I am trying to understand if quadratic complexity is bad (gives inaccurate results) when used for benchmarking:

I have a pallet whose weight would ideally depend on `x * y` where x and y are lengths of two vectors. Just for context this is how the vector looks like `Vec<_, Vec<_>>`. To replicate this, during benchmarking, the first thought that comes to mind is to make the benchmark a nested for loop :

``````fn benchmark(x: Linear<1, 5000> , y : Linear<1, 5000>) {
for i in 0 .. x {
for j in 0 .. y {
// setup input parameter
}
}
#[extrinsic_call]
}
``````

Given that this input parameter is now depends on two variables that are kind of nested implying a complexity of `O(i * j)`, is it okay for getting an accurate benchmark? Additional question: is this how you would set up a non-linear benchmark ?

Currently the benchmarking backend logic only supports linear components, which is why the type is called `Linear`. The assumption is that the output weight relates linearly to the input parameters.

Now this is not given in your case. If you are sure that it is linear to `x * y` then you can instead use another component `z` which is just defined as `x * y`. Then you can make your benchmark linear again.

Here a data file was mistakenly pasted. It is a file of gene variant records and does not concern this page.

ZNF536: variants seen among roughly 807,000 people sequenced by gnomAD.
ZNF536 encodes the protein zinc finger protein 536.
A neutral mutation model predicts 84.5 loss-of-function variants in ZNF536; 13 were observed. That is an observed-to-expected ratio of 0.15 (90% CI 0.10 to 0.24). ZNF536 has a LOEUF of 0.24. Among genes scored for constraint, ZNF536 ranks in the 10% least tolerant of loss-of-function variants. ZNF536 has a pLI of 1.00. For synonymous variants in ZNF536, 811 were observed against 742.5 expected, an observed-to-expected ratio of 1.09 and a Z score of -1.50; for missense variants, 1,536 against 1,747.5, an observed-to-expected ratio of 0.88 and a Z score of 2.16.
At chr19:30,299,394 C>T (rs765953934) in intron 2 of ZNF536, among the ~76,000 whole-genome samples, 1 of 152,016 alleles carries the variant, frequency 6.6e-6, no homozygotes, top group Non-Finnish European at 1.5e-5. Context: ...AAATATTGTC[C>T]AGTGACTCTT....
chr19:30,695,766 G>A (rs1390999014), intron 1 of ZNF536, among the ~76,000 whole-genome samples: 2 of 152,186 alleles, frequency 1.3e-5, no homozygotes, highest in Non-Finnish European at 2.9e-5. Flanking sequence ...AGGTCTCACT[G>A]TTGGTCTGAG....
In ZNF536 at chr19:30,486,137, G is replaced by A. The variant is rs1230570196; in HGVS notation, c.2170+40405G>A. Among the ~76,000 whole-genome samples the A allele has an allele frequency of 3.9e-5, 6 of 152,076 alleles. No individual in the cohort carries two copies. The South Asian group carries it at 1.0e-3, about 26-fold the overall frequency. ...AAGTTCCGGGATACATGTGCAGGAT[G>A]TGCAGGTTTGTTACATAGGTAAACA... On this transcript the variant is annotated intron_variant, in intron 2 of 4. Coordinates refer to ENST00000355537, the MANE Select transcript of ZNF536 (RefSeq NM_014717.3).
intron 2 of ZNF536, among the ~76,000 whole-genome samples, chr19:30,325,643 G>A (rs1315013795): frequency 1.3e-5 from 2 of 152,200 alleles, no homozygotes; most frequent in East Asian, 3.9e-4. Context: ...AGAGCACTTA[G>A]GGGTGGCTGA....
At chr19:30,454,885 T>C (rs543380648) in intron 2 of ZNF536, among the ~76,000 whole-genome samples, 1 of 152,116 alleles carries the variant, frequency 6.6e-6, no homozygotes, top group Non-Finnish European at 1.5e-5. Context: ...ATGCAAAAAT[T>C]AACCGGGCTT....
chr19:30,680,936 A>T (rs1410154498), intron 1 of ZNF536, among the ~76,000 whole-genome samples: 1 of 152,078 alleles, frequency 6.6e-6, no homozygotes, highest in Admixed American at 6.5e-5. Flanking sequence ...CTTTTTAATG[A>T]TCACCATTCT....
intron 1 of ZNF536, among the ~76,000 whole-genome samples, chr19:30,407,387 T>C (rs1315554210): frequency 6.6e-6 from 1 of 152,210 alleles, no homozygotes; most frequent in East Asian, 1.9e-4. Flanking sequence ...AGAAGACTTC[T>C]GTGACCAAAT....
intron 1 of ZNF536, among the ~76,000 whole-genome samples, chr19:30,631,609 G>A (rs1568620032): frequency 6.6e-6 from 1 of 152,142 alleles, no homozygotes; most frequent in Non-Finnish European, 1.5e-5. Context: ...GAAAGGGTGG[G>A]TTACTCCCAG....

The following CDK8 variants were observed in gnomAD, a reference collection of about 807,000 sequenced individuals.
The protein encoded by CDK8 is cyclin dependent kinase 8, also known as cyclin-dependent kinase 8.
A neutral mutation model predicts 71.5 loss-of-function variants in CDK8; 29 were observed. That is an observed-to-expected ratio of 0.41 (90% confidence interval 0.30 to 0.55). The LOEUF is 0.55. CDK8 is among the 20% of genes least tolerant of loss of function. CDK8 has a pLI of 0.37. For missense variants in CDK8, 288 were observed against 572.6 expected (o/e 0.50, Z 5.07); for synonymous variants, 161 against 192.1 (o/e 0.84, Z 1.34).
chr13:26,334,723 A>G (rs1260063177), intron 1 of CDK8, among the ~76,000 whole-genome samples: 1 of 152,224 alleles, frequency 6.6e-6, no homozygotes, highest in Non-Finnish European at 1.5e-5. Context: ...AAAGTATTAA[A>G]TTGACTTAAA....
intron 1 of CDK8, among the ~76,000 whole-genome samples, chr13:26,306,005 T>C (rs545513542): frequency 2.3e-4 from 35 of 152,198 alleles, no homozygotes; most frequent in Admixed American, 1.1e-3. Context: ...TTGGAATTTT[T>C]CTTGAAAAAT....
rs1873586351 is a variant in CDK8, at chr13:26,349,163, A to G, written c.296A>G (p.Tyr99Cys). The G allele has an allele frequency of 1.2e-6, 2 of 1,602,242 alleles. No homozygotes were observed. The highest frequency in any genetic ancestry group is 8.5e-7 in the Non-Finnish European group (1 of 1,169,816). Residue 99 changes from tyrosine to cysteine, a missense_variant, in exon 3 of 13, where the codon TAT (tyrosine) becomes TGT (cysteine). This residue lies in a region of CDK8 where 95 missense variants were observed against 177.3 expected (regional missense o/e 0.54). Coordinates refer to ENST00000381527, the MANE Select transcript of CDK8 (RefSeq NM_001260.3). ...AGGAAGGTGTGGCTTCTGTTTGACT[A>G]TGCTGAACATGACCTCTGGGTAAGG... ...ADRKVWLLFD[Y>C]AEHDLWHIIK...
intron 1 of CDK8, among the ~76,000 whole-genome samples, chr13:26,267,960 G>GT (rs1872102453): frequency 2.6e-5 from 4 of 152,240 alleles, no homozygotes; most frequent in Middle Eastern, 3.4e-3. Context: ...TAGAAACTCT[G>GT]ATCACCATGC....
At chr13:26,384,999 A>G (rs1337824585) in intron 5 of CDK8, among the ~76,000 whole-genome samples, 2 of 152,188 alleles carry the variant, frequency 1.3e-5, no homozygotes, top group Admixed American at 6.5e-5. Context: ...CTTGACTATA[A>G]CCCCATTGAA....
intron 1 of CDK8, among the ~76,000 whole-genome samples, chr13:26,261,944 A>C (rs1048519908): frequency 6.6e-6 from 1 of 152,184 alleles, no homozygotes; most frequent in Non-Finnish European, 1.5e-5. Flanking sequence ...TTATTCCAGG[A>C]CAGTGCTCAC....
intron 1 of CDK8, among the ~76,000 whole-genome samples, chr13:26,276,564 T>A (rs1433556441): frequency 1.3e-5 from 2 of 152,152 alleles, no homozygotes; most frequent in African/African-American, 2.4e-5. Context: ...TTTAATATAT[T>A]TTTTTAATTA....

Otherwise a work-around can be done where two benchmarks are written. One which fixes `x` to 5000 and one where `y` is fixed to 5000 and then take the `.min` of both in your call weight.
It is not ideal since it will still over-estimate one of them, but at least not both.

Additional question: is this how you would set up a non-linear benchmark ?

You can do anything in the setup phase. Only the complexity of the `extrinsic_call` (or `block`) is important. Looks fine.

• Thanks for your response. There's definitely some thinking to do when you say `let z = x * y`. Just to clarify, do I really need a loop as I showcase in the question about or can I just leave it as `Linear<...>` and make use of it in the call input parameter, and the framework takes care of `step`ping through it? I know it's kind of a silly question, but for all purposes I am using this value as just the size of vec as `size` in `vec![.. ; size]`. Aug 8 at 14:39
• Is `z = x + y` just a hack or does it produce suboptimal benchmarks? Aug 8 at 14:44
• You def. dont "need" a loop. The `Linear` just becomes a normal `u32` in the end. You can do anything you want in the setup phase; loop or not. You can also do `vec![.. ; x as usize]` or whatever. About hack: I think it should be fine, but it implies that `x` and `y` are interchangeable since only the product is used. Although i have not tested it myself yet. Please post here again if you have problems with it. Aug 8 at 18:57
• Thanks for clearing it up. About `z = x * y` unfortunately that is a hack indeed as there's no way with we can vary both `x` and `y` and expect `z` to fit a line. Thanks for your input! Aug 9 at 4:35